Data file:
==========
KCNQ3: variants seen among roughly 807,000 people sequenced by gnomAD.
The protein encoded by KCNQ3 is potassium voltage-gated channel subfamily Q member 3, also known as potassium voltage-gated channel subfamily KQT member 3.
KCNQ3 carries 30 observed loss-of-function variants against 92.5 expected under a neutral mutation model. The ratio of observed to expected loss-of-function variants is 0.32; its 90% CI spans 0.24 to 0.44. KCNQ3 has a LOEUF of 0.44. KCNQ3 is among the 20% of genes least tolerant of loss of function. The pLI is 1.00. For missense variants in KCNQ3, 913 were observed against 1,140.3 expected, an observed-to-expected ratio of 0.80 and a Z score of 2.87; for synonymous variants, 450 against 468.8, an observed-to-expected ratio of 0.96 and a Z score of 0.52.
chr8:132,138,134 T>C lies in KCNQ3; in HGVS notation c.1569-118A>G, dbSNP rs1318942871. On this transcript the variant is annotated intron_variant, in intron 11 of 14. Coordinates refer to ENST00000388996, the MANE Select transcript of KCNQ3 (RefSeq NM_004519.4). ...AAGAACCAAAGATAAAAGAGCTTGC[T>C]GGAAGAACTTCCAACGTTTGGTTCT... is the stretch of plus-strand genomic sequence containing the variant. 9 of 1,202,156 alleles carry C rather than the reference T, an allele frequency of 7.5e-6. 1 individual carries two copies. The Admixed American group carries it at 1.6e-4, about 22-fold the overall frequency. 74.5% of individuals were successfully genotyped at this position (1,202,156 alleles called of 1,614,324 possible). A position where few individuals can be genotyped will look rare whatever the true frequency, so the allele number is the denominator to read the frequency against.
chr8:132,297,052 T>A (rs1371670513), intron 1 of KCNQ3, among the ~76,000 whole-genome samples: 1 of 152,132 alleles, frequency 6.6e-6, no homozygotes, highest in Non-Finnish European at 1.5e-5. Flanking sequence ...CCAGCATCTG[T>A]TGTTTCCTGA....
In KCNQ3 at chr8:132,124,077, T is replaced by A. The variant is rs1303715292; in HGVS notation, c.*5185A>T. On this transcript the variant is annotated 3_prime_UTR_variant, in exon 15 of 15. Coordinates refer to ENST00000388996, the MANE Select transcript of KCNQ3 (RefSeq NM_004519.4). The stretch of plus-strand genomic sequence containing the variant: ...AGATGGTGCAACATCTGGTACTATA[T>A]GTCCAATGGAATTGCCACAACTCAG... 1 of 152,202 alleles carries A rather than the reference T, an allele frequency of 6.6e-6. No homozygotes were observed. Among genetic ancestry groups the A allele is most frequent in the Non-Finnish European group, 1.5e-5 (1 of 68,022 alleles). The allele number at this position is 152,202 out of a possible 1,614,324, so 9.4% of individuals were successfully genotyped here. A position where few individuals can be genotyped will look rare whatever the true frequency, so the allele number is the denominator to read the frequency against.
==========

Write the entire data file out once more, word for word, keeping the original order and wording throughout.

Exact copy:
KCNQ3: variants seen among roughly 807,000 people sequenced by gnomAD.
The protein encoded by KCNQ3 is potassium voltage-gated channel subfamily Q member 3, also known as potassium voltage-gated channel subfamily KQT member 3.
KCNQ3 carries 30 observed loss-of-function variants against 92.5 expected under a neutral mutation model. The ratio of observed to expected loss-of-function variants is 0.32; its 90% CI spans 0.24 to 0.44. KCNQ3 has a LOEUF of 0.44. KCNQ3 is among the 20% of genes least tolerant of loss of function. The pLI is 1.00. For missense variants in KCNQ3, 913 were observed against 1,140.3 expected, an observed-to-expected ratio of 0.80 and a Z score of 2.87; for synonymous variants, 450 against 468.8, an observed-to-expected ratio of 0.96 and a Z score of 0.52.
chr8:132,138,134 T>C lies in KCNQ3; in HGVS notation c.1569-118A>G, dbSNP rs1318942871. On this transcript the variant is annotated intron_variant, in intron 11 of 14. Coordinates refer to ENST00000388996, the MANE Select transcript of KCNQ3 (RefSeq NM_004519.4). ...AAGAACCAAAGATAAAAGAGCTTGC[T>C]GGAAGAACTTCCAACGTTTGGTTCT... is the stretch of plus-strand genomic sequence containing the variant. 9 of 1,202,156 alleles carry C rather than the reference T, an allele frequency of 7.5e-6. 1 individual carries two copies. The Admixed American group carries it at 1.6e-4, about 22-fold the overall frequency. 74.5% of individuals were successfully genotyped at this position (1,202,156 alleles called of 1,614,324 possible). A position where few individuals can be genotyped will look rare whatever the true frequency, so the allele number is the denominator to read the frequency against.
chr8:132,297,052 T>A (rs1371670513), intron 1 of KCNQ3, among the ~76,000 whole-genome samples: 1 of 152,132 alleles, frequency 6.6e-6, no homozygotes, highest in Non-Finnish European at 1.5e-5. Flanking sequence ...CCAGCATCTG[T>A]TGTTTCCTGA....
In KCNQ3 at chr8:132,124,077, T is replaced by A. The variant is rs1303715292; in HGVS notation, c.*5185A>T. On this transcript the variant is annotated 3_prime_UTR_variant, in exon 15 of 15. Coordinates refer to ENST00000388996, the MANE Select transcript of KCNQ3 (RefSeq NM_004519.4). The stretch of plus-strand genomic sequence containing the variant: ...AGATGGTGCAACATCTGGTACTATA[T>A]GTCCAATGGAATTGCCACAACTCAG... 1 of 152,202 alleles carries A rather than the reference T, an allele frequency of 6.6e-6. No homozygotes were observed. Among genetic ancestry groups the A allele is most frequent in the Non-Finnish European group, 1.5e-5 (1 of 68,022 alleles). The allele number at this position is 152,202 out of a possible 1,614,324, so 9.4% of individuals were successfully genotyped here. A position where few individuals can be genotyped will look rare whatever the true frequency, so the allele number is the denominator to read the frequency against.